I love Georgia…It’s one of the most beautiful states in the union. I first tagged along with my mom on a business trip to Atlanta in about 1987…I remember Peachtree Plaza, watching Dominique Wilkins and the Hawks beat the San Antonio Spurs, and a steak dinner fit for a king. Since then, I’ve been back many times, and spent lengthy periods in the late-90s exploring the meandering banks of the Chattahoochee River around Atlanta while visiting. I’ve seen most of the state, from the Smoky Mountains in the upcountry north to the beautiful squares and gardens (and Oglethorpes…) of the coastal low country in Savannah and environs.
All this to say I appreciate the subtleties and varieties of the southern experience. I’m no southerner, mind you, but I understand the sense of history and nostalgia that pervades this part of the U.S., despite ill-conceived tangents…
It thus comes as a pleasant surprise that the Georgia state legislature has decided to debate the idea of an apology for the eugenic sterilization programs carried out there in the interwar years. The Atlanta Journal Constitution has a piece about it here. There’s also an op-ed in the Macon Telegraph that makes a simple, but thoroughly worthwhile, point. The history of eugenics is something I know a bit about — to me the whole idea of its past popularity symbolizes the most misguided and hubristic aspects of state-sanctioned science and its human costs.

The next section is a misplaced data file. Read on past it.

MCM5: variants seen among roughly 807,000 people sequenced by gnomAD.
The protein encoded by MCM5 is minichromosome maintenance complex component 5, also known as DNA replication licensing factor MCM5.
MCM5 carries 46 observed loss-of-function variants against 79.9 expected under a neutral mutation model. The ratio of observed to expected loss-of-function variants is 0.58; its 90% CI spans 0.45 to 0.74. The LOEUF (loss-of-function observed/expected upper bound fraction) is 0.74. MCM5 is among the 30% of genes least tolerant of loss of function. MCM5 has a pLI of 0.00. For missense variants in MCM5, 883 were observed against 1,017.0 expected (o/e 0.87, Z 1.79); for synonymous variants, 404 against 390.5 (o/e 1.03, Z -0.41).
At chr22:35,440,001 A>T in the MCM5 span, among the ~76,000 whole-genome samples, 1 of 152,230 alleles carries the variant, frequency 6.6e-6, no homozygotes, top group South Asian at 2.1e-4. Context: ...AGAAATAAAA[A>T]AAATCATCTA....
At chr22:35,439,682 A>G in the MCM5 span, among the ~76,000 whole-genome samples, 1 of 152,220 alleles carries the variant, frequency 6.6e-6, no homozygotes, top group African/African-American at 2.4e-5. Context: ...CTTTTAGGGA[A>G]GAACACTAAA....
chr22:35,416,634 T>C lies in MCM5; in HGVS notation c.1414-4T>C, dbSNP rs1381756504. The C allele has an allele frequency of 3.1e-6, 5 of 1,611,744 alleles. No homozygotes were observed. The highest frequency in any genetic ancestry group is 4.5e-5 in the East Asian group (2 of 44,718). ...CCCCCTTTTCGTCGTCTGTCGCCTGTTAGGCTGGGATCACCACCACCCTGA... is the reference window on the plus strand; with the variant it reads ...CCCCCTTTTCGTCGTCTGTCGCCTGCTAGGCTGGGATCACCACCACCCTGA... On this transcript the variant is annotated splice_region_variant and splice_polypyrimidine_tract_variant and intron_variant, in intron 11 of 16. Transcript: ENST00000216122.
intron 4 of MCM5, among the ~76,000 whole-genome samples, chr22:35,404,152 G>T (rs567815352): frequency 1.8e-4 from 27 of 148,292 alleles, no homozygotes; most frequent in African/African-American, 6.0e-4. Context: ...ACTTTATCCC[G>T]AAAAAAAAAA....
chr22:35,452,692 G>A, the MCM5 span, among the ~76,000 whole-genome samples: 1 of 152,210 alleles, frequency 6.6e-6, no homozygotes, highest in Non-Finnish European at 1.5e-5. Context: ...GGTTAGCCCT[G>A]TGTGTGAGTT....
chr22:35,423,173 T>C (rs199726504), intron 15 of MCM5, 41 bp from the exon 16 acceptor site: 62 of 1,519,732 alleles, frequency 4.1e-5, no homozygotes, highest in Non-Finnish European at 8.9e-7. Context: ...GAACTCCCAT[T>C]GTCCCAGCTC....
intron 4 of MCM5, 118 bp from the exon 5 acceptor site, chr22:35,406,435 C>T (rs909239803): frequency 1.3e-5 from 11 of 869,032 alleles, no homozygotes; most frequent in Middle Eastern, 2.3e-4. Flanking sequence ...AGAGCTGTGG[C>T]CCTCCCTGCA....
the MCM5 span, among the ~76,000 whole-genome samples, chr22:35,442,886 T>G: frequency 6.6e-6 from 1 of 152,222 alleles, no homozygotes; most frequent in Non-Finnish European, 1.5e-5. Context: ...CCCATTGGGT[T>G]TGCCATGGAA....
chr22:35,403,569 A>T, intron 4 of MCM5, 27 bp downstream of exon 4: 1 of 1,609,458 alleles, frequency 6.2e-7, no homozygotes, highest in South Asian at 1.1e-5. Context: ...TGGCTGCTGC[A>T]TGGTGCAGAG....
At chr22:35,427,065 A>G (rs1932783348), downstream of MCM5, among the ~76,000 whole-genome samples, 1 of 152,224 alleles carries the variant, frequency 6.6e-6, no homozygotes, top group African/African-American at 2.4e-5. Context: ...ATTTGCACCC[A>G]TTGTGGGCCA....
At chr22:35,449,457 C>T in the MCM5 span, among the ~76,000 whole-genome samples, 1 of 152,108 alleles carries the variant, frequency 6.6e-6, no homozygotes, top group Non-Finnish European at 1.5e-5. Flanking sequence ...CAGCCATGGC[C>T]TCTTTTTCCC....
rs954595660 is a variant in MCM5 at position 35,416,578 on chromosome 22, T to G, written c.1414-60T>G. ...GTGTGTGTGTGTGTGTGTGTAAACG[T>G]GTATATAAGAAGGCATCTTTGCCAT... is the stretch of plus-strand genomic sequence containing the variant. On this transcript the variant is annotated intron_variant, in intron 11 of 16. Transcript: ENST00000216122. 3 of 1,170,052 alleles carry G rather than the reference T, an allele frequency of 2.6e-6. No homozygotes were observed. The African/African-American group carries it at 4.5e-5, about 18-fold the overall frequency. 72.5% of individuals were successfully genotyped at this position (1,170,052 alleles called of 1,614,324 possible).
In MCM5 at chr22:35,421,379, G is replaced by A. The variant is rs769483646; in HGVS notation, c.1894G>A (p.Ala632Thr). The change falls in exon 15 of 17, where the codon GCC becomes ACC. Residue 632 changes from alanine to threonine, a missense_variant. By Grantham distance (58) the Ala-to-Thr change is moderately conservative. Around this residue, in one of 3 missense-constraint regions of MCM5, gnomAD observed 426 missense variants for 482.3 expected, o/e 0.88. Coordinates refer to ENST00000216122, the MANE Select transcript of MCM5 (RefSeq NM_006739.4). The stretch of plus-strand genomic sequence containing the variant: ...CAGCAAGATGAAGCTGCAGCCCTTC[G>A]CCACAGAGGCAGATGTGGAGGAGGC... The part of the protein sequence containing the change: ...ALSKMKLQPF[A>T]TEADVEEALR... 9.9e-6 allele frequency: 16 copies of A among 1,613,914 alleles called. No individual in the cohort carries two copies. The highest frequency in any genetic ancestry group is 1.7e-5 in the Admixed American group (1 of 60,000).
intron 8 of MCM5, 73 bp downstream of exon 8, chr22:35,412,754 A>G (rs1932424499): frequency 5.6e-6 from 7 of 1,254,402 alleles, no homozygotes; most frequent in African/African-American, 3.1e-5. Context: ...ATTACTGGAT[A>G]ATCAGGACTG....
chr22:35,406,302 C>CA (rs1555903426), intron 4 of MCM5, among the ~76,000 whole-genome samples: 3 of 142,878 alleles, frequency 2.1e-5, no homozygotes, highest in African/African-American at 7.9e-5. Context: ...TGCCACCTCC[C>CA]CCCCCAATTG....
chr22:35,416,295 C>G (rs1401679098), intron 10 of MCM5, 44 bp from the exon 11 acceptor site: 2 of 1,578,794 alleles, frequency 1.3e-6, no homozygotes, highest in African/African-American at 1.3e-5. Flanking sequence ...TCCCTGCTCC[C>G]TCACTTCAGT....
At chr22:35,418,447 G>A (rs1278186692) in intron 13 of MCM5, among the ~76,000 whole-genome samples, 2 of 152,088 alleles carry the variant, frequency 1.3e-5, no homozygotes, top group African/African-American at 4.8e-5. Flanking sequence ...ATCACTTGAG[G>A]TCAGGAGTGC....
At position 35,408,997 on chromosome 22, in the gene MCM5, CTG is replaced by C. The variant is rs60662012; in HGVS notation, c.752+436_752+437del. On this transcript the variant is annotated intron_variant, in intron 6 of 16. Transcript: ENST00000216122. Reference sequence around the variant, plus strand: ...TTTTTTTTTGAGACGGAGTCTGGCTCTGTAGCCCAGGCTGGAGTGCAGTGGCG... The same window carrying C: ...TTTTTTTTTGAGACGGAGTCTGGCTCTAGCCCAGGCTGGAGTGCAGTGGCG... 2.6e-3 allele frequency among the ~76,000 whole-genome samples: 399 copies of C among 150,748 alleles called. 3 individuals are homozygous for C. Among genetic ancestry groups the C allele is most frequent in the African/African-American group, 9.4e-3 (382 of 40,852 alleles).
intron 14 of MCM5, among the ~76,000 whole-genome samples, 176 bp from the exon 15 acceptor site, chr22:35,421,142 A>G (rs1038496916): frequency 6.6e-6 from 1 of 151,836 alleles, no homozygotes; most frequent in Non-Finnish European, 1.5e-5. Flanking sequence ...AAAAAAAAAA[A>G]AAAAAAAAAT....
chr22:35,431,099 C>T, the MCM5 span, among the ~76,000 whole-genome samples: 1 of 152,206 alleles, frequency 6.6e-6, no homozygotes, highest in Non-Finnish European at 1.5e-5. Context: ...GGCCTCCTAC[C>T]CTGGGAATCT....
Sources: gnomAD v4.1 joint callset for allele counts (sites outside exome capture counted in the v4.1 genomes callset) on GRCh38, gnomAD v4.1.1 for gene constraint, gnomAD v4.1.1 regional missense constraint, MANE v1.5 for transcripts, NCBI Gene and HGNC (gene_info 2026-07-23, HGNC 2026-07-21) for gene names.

Eugenics was a widespread phenomena in the west (and beyond…countries like Brazil had eugenics programs, too — partly in an effort to emulate the progress-loving west), and its history in the deep south is well documented in Edward J. Larson’s Sex, Race and Science: Eugenics in the Deep South (Baltimore: Johns Hopkins University Press, 1995). More general introductions can be found in the work of Daniel J. Kevles, and Stephen Jay Gould talks about eugenics in his classic The Mismeasure of Man. They’re all worth a look.
In the end it doesn’t really matter whether the legislature apologizes or not (apologies for historical injustices have limited meaning anyway, and are too often thinly veiled publicity stunts…) — the mere fact of it being made an issue and placed into the mainstream public sphere is an accomplishment. Sure, there may be conflicting reasons for doing so (heck, perhaps the right to life people are driving it…), but if the end result is a few more people aware of and perhaps even vigilant about the often dangerous relationship between science and the state, then so much the better. I think that’s just peachy.